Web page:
Project Overview

Student Learning Objectives

Procedure

Content Material

Assessment

Links to Course Competencies

Supplementary Resources

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Real World Learning Objects: Science

Bogus Weight Loss Claims

Project Overview

            The incidence of overweight and obesity in the United States has reached epidemic proportions. More than half of all Americans are overweight and that number continues to grow. Weight loss is not easy. Since the only way to lose weight is to lower caloric intake and/or increase physical activity Americans have been turning to quick weight loss schemes that require little effort and promise quick results. Despite claims to the contrary, there are no magic bullets or effortless ways to burn off fat. Diet products may cause harm or may just be a waste of money. The FDA (Food and Drug Administration) only concerns itself when products cause blatant harm as was the case with the early forms of liquid protein diets. The FDA is too busy and understaffed to pursue every diet plan or product that surfaces and most diet products fall under the classification of nutrition supplements. The FDA has little authority over nutrition supplements as they are not considered to be food or drugs. There are also numerous other fraudulent weight loss products on the market that are not considered as nutrition supplements such as creams, wraps, earrings and corsets to wrap around the body. Claims for diet products or programs that promise weight loss without sacrifice or effort are bogus and some can even be dangerous.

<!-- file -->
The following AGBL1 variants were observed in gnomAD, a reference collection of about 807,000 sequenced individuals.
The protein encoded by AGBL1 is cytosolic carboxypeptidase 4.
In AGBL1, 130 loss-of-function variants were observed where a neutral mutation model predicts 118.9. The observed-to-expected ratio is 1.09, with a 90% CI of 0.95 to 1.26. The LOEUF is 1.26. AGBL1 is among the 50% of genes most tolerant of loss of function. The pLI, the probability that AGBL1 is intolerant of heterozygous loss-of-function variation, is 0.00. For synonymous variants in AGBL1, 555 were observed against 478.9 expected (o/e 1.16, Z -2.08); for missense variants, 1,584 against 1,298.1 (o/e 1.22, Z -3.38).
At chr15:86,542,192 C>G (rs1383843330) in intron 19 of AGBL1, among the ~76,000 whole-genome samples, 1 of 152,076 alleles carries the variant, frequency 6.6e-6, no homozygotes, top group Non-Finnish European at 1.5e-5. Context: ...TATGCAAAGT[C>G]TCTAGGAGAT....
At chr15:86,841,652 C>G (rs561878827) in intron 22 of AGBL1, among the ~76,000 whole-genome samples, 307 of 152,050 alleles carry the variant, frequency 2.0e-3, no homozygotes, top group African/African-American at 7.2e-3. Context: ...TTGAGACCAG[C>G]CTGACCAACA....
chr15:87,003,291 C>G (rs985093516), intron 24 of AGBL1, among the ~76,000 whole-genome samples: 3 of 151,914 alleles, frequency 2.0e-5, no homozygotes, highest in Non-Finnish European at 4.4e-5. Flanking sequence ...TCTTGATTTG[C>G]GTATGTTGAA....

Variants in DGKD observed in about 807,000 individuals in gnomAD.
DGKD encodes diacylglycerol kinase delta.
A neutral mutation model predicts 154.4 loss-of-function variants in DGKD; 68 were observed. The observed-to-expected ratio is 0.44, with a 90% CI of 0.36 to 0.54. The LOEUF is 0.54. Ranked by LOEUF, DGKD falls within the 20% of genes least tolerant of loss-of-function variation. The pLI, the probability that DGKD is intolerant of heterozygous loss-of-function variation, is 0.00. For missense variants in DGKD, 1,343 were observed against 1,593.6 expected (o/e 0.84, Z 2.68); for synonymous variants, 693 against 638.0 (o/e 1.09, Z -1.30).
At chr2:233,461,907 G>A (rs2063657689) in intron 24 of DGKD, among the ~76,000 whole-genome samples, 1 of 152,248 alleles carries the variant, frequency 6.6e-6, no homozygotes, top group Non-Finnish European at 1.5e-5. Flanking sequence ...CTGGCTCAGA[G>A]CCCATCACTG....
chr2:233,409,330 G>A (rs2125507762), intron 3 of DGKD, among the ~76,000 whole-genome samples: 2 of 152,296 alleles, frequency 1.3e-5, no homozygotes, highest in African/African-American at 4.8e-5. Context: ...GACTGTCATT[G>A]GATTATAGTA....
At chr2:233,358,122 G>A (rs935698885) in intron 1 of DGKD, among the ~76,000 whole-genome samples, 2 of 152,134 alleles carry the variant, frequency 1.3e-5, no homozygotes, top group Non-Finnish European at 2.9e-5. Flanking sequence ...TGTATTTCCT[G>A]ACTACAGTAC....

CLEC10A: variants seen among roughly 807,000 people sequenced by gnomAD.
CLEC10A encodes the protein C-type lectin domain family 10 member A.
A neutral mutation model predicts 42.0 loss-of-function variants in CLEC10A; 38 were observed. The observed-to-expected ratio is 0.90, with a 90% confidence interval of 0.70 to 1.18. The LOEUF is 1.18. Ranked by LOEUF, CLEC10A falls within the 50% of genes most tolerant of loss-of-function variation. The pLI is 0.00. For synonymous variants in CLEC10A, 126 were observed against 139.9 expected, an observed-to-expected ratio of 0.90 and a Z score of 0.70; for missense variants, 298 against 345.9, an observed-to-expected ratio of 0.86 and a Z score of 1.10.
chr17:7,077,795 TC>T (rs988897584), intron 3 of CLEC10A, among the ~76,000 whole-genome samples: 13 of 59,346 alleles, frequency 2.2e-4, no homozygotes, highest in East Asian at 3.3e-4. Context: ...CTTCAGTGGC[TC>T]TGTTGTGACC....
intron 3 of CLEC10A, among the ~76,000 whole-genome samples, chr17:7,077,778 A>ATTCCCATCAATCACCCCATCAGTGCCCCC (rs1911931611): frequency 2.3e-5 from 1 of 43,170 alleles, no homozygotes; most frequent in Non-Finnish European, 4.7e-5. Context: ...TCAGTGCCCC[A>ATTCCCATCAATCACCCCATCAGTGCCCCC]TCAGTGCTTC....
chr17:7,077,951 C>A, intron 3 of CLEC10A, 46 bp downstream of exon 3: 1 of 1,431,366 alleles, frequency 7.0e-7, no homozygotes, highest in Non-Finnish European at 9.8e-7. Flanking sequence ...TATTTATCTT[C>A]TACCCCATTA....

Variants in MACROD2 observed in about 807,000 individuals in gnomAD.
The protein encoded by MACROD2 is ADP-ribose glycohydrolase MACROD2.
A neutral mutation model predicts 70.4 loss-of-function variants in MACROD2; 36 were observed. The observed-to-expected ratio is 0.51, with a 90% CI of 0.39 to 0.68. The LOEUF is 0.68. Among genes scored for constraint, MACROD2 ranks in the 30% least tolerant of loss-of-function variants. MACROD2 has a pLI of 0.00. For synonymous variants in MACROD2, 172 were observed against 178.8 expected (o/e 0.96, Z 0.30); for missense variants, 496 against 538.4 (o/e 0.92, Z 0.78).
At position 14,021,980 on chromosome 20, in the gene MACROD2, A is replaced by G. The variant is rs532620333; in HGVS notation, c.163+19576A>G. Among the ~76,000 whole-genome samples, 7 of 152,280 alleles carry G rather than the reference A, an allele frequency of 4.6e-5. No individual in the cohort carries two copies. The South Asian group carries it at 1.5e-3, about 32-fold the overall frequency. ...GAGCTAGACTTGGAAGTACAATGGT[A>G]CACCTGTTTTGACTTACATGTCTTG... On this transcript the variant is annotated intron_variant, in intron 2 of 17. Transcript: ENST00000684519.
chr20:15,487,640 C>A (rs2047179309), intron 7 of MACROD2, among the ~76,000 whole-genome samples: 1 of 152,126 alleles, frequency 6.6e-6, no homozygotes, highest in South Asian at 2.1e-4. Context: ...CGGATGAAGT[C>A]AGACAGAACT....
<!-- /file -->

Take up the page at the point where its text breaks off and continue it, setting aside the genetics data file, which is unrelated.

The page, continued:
The Federal Trade Commission (FTC) does have authority to act on behalf of the consumers through its mission to “fight consumer fraud, deception and unfair practices”.  It is the fraudulent advertisers that prey on consumers and reap billions of dollars each year that triggers FTC action.  Consumers spend 33 billion dollars annually on weight loss products.  While the scams may vary (for example, pills, patches, clips, body wraps, insoles or "diet teas"), the claims are almost always the same; dramatic, effortless weight loss without diet or exercise. Through this project students will have the opportunity to see that there is nothing new in the diet product market. The products simply change names and addresses but the claims remain similar. Upon completion of the project the students will be able to spot bogus diet claims for what they are, fraudulent.

            The intended audience is students studying nutrition, biology, biomedical ethics, or family and consumer studies.

            The RWLO would best be used as part of a section on weight management that includes beneficial weight loss techniques and emphasizes a nutritious diet combined with physical exercise.